A city of lost rooms: where Jewish scholars vanish, artist seers battle their obsessions and twisted worlds thrive.
2020 started with death and trauma. Then there was a pandemic. So, clearly civil disobedience was an entirely reasonable reaction. Yet my rebellion never strayed far from the path of a radical ancestor.
The third and final instalment exploring today’s coronavirus crisis and comparing it with the historical documentary fiction of Defoe’s Journal of the Plague Year.
We explore more similarities and differences between the coronavirus of 2020 and the plague of 17th century London. City lockdown, silence and noise in the streets, wild rumours and pandemic inequality.
Contagion, fear, fake news and quackery. There are striking similarities between today’s crisis and the Great Plague of London centuries ago. Has anything changed?
Remembering a legendary cat – the pub-crawling, fridge-raiding, pleasure-seeking Fat Freddy.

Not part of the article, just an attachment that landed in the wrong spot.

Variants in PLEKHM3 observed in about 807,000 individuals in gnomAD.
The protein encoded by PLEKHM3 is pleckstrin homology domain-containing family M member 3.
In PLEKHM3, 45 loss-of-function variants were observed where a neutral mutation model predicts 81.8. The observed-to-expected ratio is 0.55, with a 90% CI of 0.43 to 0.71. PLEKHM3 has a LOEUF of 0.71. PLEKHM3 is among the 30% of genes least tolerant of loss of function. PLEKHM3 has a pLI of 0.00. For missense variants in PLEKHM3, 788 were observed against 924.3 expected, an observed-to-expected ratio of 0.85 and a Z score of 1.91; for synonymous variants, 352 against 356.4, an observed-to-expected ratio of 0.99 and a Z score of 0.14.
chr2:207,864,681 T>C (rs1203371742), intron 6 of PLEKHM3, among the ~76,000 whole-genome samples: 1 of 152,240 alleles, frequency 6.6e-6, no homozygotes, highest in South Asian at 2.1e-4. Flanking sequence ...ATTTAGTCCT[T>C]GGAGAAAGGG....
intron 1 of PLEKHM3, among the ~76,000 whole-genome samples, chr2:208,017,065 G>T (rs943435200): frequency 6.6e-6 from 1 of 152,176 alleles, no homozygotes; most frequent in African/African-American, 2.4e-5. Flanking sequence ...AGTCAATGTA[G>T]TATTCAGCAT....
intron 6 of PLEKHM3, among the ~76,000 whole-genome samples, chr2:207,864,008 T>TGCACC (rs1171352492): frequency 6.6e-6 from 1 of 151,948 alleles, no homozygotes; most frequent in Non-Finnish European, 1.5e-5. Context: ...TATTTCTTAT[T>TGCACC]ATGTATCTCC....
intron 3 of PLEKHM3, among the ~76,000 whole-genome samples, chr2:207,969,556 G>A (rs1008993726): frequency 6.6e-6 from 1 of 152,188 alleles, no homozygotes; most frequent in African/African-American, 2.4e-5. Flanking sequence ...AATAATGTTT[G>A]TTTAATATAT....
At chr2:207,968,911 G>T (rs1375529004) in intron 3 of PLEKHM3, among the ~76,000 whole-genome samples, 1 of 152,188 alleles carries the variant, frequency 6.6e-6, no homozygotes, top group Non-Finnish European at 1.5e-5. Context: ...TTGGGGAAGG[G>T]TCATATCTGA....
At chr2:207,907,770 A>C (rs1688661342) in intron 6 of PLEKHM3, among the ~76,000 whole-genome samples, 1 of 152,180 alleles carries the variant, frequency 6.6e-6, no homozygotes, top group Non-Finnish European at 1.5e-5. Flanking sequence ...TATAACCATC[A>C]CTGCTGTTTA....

Once, London was a city of horses. Humans lived cheek by jowl with the 300,000 horses of cabmen, traders, laundrymen, grocers and rag-and-bone men. You can see the traces of that time everywhere: old stone drinking troughs, hidden cobbled mews, mounting blocks, slips and ramps.
In the 18th century the secret world of the molly house was a place for gay men to socialise, cross-dress and role-play. But it was also a place of danger and treachery.
Victorian London was a charnel house of the dead; a city oozing horror and nowhere more so than a small chapel where they danced on the dead.
A cycle ride to the outer edges of Glasgow finds stones, myths, floating saints, plane twitchers and echoes of one of London’s strangest landmarks.